What to Expect on Your First VFX Job

Zach and Steve. And some Daleks.

You’ve got the reel, you’ve been through the interviews, you’ve landed the job, and now you’re getting ready to start your first day at a VFX studio. This is the dream job you’ve been working so hard toward, and you desperately want to not screw up. You go through the usual H.R. rigamarole: W-4’s, I-9’s, here’s the break room, have some candy, report to this or that producer. All of that is easy, just like every other job.

Now comes the hard part, the part that is unlike any job you’ve had before. You sit down at your workstation and log in. Or you try to. Inevitably, something goes wrong when you sign on. Your password hasn’t been set, or the software is not installed or misconfigured. Maybe you get all the way into the first shot you’re supposed to be working on and get some arcane error message.

Don’t panic!

The first lesson is this: You will almost certainly have to call in I.T. for some reason on your first day. Expect to repeat that ritual at every new company you work for. You’ve already been introduced to a producer or coordinator; that person’s job is to make sure you can do yours. Don’t feel embarrassed about having to ask them for help; that’s what they’re there for! Gather what information you can about the problem—write down the error message, do a little troubleshooting on your own (no more than 10 minutes or so) to figure out what might be wrong, and take that information to the producer. They’ll find out who can fix the problem and make sure it happens.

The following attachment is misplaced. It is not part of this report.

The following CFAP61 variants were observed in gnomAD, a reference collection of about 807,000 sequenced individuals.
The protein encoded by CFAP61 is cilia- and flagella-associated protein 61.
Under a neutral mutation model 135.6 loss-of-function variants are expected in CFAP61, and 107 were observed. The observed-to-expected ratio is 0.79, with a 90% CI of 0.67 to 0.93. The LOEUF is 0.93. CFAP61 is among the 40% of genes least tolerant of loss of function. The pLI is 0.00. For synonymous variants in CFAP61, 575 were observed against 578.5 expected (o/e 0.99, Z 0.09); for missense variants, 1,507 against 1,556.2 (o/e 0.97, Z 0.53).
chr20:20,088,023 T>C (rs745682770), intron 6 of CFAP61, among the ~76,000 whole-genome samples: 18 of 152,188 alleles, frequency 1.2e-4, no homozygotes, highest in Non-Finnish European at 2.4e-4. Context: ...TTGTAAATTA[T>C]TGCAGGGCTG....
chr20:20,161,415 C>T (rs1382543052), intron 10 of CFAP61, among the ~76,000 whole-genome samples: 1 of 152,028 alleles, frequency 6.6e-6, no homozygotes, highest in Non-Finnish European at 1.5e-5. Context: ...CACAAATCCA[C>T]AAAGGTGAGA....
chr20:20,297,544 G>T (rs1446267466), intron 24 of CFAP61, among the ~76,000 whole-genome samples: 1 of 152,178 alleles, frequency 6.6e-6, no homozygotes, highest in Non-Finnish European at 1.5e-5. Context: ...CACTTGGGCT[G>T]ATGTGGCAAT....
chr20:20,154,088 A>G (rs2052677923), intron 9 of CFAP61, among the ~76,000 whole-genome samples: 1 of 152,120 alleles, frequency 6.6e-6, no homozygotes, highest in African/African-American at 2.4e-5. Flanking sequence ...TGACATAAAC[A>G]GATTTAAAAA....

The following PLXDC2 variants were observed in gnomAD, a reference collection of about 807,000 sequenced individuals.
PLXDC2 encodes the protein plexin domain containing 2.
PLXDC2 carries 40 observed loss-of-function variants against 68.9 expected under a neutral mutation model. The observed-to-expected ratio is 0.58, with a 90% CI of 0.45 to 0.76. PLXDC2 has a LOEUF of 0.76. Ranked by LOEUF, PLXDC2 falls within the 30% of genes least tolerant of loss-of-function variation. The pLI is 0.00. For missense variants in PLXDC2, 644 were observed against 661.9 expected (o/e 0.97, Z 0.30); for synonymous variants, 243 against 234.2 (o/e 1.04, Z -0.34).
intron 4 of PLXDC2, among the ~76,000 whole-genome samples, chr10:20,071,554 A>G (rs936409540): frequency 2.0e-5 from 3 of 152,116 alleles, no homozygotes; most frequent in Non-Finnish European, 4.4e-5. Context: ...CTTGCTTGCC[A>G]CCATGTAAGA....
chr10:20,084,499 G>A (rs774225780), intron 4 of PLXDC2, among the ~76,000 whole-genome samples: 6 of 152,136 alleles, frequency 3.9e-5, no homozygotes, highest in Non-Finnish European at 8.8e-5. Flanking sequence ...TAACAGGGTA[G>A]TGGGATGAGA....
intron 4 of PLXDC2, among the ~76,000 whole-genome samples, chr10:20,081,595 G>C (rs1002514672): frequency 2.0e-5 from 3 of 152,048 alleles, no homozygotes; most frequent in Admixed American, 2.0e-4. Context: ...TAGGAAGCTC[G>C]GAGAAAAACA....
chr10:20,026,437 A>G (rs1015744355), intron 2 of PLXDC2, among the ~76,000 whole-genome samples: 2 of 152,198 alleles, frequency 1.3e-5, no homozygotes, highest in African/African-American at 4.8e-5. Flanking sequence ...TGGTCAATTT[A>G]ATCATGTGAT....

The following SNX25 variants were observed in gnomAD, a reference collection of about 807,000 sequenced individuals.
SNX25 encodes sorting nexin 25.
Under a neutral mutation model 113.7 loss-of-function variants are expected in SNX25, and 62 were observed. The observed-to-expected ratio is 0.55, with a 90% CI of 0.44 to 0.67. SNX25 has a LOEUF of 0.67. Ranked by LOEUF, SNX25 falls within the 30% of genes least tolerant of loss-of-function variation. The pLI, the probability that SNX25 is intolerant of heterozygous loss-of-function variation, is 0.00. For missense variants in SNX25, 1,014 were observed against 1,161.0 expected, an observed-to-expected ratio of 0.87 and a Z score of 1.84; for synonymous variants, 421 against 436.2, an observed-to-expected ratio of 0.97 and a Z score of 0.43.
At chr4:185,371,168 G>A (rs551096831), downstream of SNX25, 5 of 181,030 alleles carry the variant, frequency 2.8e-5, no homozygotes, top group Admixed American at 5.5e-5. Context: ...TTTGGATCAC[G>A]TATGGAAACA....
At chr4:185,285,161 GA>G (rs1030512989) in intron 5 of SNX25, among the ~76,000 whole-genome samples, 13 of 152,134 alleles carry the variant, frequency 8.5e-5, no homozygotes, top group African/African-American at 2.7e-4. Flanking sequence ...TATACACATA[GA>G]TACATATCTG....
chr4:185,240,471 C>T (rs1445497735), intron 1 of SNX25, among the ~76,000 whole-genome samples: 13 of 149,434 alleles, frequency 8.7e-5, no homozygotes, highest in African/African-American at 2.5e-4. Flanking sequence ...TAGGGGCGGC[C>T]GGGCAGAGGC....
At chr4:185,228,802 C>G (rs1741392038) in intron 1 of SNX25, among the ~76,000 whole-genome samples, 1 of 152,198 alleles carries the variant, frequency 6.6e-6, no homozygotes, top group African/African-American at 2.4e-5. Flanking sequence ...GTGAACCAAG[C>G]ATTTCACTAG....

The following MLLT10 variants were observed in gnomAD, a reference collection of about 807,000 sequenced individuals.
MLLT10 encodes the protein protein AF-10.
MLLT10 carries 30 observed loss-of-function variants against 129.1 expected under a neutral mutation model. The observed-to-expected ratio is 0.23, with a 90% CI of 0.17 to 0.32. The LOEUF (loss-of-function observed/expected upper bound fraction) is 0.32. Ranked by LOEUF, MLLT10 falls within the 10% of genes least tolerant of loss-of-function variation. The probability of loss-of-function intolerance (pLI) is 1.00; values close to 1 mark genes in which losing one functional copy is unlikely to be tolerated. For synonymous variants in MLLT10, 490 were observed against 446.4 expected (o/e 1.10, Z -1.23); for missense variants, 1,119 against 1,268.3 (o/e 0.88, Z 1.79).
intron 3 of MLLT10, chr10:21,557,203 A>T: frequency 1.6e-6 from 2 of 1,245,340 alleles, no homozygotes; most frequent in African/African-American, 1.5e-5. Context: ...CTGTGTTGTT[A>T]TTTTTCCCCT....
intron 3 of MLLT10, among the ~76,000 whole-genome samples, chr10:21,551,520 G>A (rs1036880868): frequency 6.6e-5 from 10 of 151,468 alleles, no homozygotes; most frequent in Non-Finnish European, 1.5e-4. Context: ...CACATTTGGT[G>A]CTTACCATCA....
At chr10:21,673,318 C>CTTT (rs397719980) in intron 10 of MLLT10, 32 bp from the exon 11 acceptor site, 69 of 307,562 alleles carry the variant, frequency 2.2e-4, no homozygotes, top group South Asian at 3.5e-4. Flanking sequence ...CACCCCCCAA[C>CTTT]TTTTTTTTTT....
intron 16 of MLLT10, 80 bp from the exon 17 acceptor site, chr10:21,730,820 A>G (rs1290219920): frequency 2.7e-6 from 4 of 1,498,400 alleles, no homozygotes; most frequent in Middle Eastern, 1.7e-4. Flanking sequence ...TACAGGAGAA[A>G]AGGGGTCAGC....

At this point, you’re expecting to be fired at any moment because you’ve been there for four hours and haven’t even started the work you were assigned. Relax!

The next hurdle again has nothing to do with actually doing the work: You’ve got to figure out how to use the project management system. At most places, that’s going to be Shotgun. I’d love to tell you that once you’ve learned how to use Shotgun, you’re set at every studio you set foot in. Unfortunately, there are a billion ways to configure Shotgun, and every single place I’ve worked at has had custom applications that interface with it in different fashions. On your first day, though, you don’t know that, and you might feel like everyone expects you to already know how to use Shotgun. It’s the industry standard, after all!

These are the things you need to know right now:

  • How to find out what you’re supposed to do.
  • Where to look for notes on what you’ve already done.
  • How to let everyone else know that you’re done with a task.
  • How to report the time you spent.

Most Shotgun configurations make the first two parts pretty easy. Your dashboard will show you all of the tasks you’ve been assigned and their current status. Setting a task to “Review,” or whatever the status your company is using, will let the coordinators know that you’re done, but it won’t necessarily alert any artists that are waiting on your work. Make sure to find out how to publish your finished asset, and it’s not a bad idea to also find out who’s going to be using it.


This is Rodrigo, my first supervising compositor. Super-scary, isn’t he?